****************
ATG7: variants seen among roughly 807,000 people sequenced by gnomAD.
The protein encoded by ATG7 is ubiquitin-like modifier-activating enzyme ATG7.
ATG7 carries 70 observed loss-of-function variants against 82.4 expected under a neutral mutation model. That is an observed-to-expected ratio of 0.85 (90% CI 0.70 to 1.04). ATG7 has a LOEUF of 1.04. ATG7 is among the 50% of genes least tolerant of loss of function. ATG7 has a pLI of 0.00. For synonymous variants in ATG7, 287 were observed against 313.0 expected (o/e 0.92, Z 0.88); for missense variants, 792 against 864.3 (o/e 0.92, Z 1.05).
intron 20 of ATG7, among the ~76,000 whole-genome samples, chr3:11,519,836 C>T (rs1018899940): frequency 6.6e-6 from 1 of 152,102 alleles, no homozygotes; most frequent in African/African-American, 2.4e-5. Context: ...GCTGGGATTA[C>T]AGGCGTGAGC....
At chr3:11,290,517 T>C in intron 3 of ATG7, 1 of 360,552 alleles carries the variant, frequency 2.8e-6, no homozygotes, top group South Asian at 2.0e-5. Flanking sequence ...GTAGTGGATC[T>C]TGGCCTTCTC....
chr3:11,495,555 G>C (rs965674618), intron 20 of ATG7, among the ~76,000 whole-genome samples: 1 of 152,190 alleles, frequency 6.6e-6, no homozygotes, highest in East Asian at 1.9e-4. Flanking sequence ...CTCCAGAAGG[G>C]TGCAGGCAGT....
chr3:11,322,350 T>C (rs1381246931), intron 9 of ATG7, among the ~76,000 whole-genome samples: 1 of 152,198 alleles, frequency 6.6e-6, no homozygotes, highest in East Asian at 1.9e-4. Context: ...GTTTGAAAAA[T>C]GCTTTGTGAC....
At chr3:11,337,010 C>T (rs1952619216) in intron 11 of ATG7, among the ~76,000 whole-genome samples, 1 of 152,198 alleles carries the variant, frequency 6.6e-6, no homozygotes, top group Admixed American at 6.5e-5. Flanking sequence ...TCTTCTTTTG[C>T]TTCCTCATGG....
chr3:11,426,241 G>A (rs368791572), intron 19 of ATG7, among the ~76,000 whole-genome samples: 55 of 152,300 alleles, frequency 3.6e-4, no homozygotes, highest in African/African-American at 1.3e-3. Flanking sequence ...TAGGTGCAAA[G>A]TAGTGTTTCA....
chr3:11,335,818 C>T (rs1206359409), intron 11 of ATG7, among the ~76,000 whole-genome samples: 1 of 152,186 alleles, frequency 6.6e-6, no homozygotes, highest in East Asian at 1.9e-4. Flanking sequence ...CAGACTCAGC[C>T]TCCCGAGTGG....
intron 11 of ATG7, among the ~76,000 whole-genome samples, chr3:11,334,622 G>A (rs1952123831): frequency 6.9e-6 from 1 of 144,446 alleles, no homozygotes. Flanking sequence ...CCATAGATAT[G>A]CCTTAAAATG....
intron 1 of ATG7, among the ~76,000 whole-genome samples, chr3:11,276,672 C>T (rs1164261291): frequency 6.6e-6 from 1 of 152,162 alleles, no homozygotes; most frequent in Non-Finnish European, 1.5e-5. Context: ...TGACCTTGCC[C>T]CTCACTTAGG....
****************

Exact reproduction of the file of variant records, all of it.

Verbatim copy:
ATG7: variants seen among roughly 807,000 people sequenced by gnomAD.
The protein encoded by ATG7 is ubiquitin-like modifier-activating enzyme ATG7.
ATG7 carries 70 observed loss-of-function variants against 82.4 expected under a neutral mutation model. That is an observed-to-expected ratio of 0.85 (90% CI 0.70 to 1.04). ATG7 has a LOEUF of 1.04. ATG7 is among the 50% of genes least tolerant of loss of function. ATG7 has a pLI of 0.00. For synonymous variants in ATG7, 287 were observed against 313.0 expected (o/e 0.92, Z 0.88); for missense variants, 792 against 864.3 (o/e 0.92, Z 1.05).
intron 20 of ATG7, among the ~76,000 whole-genome samples, chr3:11,519,836 C>T (rs1018899940): frequency 6.6e-6 from 1 of 152,102 alleles, no homozygotes; most frequent in African/African-American, 2.4e-5. Context: ...GCTGGGATTA[C>T]AGGCGTGAGC....
At chr3:11,290,517 T>C in intron 3 of ATG7, 1 of 360,552 alleles carries the variant, frequency 2.8e-6, no homozygotes, top group South Asian at 2.0e-5. Flanking sequence ...GTAGTGGATC[T>C]TGGCCTTCTC....
chr3:11,495,555 G>C (rs965674618), intron 20 of ATG7, among the ~76,000 whole-genome samples: 1 of 152,190 alleles, frequency 6.6e-6, no homozygotes, highest in East Asian at 1.9e-4. Flanking sequence ...CTCCAGAAGG[G>C]TGCAGGCAGT....
chr3:11,322,350 T>C (rs1381246931), intron 9 of ATG7, among the ~76,000 whole-genome samples: 1 of 152,198 alleles, frequency 6.6e-6, no homozygotes, highest in East Asian at 1.9e-4. Context: ...GTTTGAAAAA[T>C]GCTTTGTGAC....
At chr3:11,337,010 C>T (rs1952619216) in intron 11 of ATG7, among the ~76,000 whole-genome samples, 1 of 152,198 alleles carries the variant, frequency 6.6e-6, no homozygotes, top group Admixed American at 6.5e-5. Flanking sequence ...TCTTCTTTTG[C>T]TTCCTCATGG....
chr3:11,426,241 G>A (rs368791572), intron 19 of ATG7, among the ~76,000 whole-genome samples: 55 of 152,300 alleles, frequency 3.6e-4, no homozygotes, highest in African/African-American at 1.3e-3. Flanking sequence ...TAGGTGCAAA[G>A]TAGTGTTTCA....
chr3:11,335,818 C>T (rs1206359409), intron 11 of ATG7, among the ~76,000 whole-genome samples: 1 of 152,186 alleles, frequency 6.6e-6, no homozygotes, highest in East Asian at 1.9e-4. Flanking sequence ...CAGACTCAGC[C>T]TCCCGAGTGG....
intron 11 of ATG7, among the ~76,000 whole-genome samples, chr3:11,334,622 G>A (rs1952123831): frequency 6.9e-6 from 1 of 144,446 alleles, no homozygotes. Flanking sequence ...CCATAGATAT[G>A]CCTTAAAATG....
intron 1 of ATG7, among the ~76,000 whole-genome samples, chr3:11,276,672 C>T (rs1164261291): frequency 6.6e-6 from 1 of 152,162 alleles, no homozygotes; most frequent in Non-Finnish European, 1.5e-5. Context: ...TGACCTTGCC[C>T]CTCACTTAGG....